Also, USCIS has some applications that can be completed online like change of address forms, work permit applications, or replacement green card applications.  (Note: Exercise caution in applying for work permits and seek legal advice before applying if possible.  A favorite practice of USCIS is to keep the fee and deny the application if there is the slightest error in categorization or concern about eligibility.)  USCIS has said that it wants to move towards online applications for all its forms in the next few years.

Adjudicator's Field Manual: Contains details about USCIS procedures that are not always found in the statutes or regulations.  Immigration officers are supposed to follow these rules when they interview people for green cards or citizenship. 

Immigration and Nationality Act (INA): Core body of statutes that comprise immigration law in the U.S. 

Code of Federal Regulations, Title 8: Regulations based on the INA that are promulgated by the government.  These contain more detailed information about immigration policies and procedures.  An easier version to navigate is here.

Processing times: You can check on posted processing times for different immigration forms based on which Service Center they were sent to.  These times fluctuate and represent an estimate rather than a firm commitment by the government to process papers within a certain timeframe.

Online Case Status Check: If you have filed forms with USCIS, you can check on the status of the case by entering in the 13-digit receipt number found on notices received from USCIS.  But USCIS often fails to update information in the online system, making this about as useful as the 800 number, which is to say not very.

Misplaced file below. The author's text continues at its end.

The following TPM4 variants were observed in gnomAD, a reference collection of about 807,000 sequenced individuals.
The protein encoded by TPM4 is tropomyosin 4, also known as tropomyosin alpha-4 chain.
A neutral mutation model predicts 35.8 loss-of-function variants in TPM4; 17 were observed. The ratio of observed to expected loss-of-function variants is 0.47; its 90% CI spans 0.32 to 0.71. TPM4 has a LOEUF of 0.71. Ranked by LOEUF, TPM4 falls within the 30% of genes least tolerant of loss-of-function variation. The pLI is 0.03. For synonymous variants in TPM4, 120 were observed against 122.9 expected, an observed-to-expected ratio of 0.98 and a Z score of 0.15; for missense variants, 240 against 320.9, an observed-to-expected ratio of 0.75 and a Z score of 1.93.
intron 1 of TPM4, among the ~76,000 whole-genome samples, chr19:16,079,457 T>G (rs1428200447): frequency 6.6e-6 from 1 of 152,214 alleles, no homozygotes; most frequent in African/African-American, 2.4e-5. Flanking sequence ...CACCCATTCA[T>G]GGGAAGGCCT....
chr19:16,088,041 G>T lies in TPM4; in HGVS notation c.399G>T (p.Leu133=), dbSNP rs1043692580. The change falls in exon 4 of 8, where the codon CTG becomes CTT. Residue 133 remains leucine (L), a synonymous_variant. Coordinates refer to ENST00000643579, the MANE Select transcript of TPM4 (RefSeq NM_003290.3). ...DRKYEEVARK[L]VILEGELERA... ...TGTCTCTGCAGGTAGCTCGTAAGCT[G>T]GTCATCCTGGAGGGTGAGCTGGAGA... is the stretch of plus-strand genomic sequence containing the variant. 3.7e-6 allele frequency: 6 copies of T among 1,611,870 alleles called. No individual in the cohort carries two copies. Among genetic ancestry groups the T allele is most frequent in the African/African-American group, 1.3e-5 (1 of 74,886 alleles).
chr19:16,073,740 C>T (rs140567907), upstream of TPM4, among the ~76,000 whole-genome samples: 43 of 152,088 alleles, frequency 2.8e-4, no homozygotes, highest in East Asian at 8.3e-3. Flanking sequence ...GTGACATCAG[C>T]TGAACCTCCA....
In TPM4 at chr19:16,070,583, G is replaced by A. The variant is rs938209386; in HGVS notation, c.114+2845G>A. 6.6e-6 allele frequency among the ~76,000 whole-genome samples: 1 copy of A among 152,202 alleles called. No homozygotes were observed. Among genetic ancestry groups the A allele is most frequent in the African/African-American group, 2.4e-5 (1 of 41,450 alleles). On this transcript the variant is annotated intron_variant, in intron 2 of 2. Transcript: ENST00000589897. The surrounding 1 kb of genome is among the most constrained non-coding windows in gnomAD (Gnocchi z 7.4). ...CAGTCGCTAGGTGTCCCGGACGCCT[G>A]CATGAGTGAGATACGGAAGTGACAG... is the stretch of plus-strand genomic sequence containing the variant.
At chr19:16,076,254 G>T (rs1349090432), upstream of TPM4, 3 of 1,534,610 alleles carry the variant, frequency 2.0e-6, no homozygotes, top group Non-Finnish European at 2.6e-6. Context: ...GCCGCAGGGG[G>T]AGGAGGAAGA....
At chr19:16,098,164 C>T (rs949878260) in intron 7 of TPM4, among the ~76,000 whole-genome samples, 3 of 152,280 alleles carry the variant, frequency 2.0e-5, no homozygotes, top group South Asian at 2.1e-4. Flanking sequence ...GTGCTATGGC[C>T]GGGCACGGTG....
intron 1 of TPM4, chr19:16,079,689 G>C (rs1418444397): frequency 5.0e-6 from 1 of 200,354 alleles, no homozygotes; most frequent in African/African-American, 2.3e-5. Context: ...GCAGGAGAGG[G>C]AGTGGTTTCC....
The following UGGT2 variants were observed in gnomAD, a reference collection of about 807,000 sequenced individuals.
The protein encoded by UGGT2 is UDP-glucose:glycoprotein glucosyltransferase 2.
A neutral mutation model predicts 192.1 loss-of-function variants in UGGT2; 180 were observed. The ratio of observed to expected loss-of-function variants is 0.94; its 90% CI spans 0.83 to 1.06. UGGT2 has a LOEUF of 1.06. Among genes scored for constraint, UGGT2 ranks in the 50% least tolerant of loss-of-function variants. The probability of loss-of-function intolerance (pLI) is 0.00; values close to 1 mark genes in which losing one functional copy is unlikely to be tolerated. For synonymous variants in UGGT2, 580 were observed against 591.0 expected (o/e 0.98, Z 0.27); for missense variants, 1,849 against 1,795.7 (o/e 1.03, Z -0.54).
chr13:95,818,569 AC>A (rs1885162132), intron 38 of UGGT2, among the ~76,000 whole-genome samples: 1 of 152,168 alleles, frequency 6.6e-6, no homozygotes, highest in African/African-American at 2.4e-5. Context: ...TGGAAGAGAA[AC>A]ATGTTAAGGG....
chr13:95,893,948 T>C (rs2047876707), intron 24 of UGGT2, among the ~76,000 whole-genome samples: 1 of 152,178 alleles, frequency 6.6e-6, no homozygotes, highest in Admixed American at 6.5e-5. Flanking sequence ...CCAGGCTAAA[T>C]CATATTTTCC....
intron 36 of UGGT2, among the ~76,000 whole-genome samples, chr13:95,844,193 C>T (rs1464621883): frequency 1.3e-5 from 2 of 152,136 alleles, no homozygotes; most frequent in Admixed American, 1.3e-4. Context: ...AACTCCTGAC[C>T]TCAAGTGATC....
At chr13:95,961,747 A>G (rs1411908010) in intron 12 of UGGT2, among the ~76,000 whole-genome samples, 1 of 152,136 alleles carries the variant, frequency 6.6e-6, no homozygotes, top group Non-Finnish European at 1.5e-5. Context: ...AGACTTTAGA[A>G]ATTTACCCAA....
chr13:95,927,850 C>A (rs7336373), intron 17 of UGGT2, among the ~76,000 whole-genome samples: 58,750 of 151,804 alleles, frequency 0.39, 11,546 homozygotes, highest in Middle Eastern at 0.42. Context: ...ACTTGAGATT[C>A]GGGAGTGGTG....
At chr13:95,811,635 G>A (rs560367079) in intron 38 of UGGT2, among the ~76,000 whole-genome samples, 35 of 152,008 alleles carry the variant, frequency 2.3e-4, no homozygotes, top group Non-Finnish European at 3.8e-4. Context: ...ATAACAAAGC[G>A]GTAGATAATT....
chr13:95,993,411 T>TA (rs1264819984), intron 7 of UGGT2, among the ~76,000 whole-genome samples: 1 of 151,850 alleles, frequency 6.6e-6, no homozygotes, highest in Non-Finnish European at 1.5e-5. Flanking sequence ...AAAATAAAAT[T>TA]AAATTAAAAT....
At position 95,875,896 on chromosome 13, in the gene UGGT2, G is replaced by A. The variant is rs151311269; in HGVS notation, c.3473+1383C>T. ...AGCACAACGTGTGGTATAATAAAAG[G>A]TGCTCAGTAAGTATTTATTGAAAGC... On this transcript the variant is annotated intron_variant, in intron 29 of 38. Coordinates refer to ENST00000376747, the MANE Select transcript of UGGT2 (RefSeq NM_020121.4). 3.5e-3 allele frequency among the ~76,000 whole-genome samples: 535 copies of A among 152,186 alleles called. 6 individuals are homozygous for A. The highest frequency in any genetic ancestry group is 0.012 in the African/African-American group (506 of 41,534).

National Customer Service Center (NCSC): 800-375-5283 (TTY 800-767-1833).  Calling this official information phone line can be an exercise in futility even for experienced attorneys--it seems designed to screen out the majority of callers before they can get any information, and then to give those who do get through as little information as possible.  However, sometimes it is a required first step in getting information about a stalled case, followed by an InfoPass appointment.  Realize that when you call, you will not be talking to a USCIS officer, but instead to a contract worker who doesn't have access to much more information than you do on your own from the USCIS website.  All they can usually do is make an informational inquiry to an actual USCIS officer that may or may not result in concrete action.  So try the number, but manage your expectations.

InfoPass Appointments: Use this online form to schedule an informational appointment at your local immigration office and avoid part (but not all) of the wait time.  Be forewarned that many InfoPass officers will do their best to get you to go away so they can move on to the next person in line.  Be persistent.  Seek legal advice before going to an InfoPass appointment if you have an outstanding order of deportation or removal--if you do, ICE may be waiting for you there.